West Virginia Mining & Reclamation Ass'n v. Babbitt
Citation: 28 ELR 20079
No. 2:96-0371, 970 F. Supp. 506/(S.D. W. Va., 07/11/1997)
A district court holds that the Office of Surface Mining Reclamation and Enforcement (OSM) was not arbitrary, capricious, or otherwise legally inconsistent when it disapproved an amendment to West Virginia's Surface Mining Control and Reclamation Act (SMCRA) regulatory program. The amendment would allow the release of reclamation bonds, which secured SMCRA and state permit conformance, where passive treatment systems are used to treat acid mine drainage (AMD). The court first holds that Congress was at the very least ambiguous as to whether bond may be finally released if treatment of AMD remains necessary. The only certainty one can gather from SMCRA's adoption is that it was a compromise bill, with many competing considerations left for the OSM and the courts. Having reached this conclusion, the court disposes of the coal mining trade association's argument that the OSM's disapproval of the proposed amendment is contrary to the express provisions of SMCRA. The court next holds that the OSM's position is based on a permissible construction of SMCRA. OSM's interpretation acts to internalize the costs of mining with the operator, and it comports with the goal of preventing AMD during the permitting and operating stages. Therefore, the court holds that it will defer to the OSM's interpretation. The OSM struck a reasonable balance in the face of congressional ambiguities and difficult, conflicting policy considerations. The court does not disagree that SMCRA endorses treatment as a method of lessening the effects of AMD. However, an operator's release from bond when AMD may remain necessary is a different matter.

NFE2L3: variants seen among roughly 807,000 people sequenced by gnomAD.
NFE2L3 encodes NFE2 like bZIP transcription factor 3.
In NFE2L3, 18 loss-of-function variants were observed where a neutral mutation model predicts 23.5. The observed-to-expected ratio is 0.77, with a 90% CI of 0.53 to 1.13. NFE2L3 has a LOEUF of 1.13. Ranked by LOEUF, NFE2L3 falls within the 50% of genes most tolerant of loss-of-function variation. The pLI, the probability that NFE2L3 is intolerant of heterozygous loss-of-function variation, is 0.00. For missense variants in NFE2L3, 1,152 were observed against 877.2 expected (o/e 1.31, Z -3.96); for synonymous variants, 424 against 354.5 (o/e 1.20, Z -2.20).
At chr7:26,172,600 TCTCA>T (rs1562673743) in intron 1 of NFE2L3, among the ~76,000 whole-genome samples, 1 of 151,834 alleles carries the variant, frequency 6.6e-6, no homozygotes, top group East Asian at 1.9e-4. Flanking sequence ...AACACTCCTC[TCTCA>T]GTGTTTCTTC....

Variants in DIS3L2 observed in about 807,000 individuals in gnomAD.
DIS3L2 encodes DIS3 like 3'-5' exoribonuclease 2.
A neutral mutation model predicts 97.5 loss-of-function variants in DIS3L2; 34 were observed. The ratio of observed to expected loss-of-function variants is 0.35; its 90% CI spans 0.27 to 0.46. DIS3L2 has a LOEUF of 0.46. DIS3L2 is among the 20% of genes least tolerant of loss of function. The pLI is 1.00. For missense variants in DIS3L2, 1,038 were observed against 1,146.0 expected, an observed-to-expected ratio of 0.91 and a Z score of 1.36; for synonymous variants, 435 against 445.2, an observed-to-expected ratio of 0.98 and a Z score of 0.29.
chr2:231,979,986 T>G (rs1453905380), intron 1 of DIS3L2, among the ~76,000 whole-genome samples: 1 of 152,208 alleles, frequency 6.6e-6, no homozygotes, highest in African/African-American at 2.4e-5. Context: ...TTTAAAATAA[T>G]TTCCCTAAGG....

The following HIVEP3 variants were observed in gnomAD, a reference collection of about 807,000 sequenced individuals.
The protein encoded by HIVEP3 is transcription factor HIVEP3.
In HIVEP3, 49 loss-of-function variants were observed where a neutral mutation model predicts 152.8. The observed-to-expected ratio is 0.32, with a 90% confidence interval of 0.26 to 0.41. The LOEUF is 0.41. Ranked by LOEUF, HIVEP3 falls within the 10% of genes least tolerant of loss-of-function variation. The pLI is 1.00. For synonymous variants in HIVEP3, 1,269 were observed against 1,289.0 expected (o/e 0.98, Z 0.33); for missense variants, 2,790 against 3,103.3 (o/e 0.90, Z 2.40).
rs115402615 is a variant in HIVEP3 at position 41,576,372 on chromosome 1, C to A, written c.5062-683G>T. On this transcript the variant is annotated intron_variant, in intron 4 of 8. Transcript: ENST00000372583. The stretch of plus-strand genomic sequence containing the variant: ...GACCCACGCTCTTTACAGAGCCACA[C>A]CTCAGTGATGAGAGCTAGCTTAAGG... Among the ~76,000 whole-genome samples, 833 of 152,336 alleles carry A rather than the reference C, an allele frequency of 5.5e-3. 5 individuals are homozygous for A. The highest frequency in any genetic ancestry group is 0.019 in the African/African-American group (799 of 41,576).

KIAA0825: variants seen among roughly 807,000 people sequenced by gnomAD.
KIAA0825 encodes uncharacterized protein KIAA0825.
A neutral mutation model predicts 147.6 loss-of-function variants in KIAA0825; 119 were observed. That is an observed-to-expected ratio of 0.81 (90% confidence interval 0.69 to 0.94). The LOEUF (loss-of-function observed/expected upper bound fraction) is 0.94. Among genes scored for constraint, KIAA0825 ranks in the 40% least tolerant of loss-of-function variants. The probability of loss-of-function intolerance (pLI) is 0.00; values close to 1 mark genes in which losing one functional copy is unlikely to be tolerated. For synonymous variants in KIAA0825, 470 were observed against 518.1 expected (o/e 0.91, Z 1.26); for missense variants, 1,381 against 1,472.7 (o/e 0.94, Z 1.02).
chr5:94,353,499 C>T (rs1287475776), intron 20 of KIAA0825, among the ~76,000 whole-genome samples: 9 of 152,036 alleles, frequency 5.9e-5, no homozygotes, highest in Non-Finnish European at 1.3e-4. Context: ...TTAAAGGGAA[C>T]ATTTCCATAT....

Next, the court rejects the trade association's argument that the OSM acted inconsistently with its own regulations. The OSM's interpretation is neither plainly erroneous nor inconsistent with the regulations cited by the trade association. The court also rejects the trade association's argument that the OSM's interpretation is inconsistent with the Federal Water Pollution Control Act. Regulating effluent discharges and setting reasonable conditions for bond release are two separate considerations, and the OSM does nothing to alter the effluent limitations. Further, the trade association failed to demonstrate that the no-treatment requirement imposes an arbitrary and prohibitively expensive standard that may be impossible to achieve.
Counsel for Plaintiffs
Charles Q. Gage
Jackson & Kelly
1600 Laidley Tower
P.O. Box 553, Charleston WV 25322
Counsel for Defendants
Rebecca A. Betts, U.S. Attorney
3201 Federal Bldg.
500 Quarrier St., Charleston WV 25301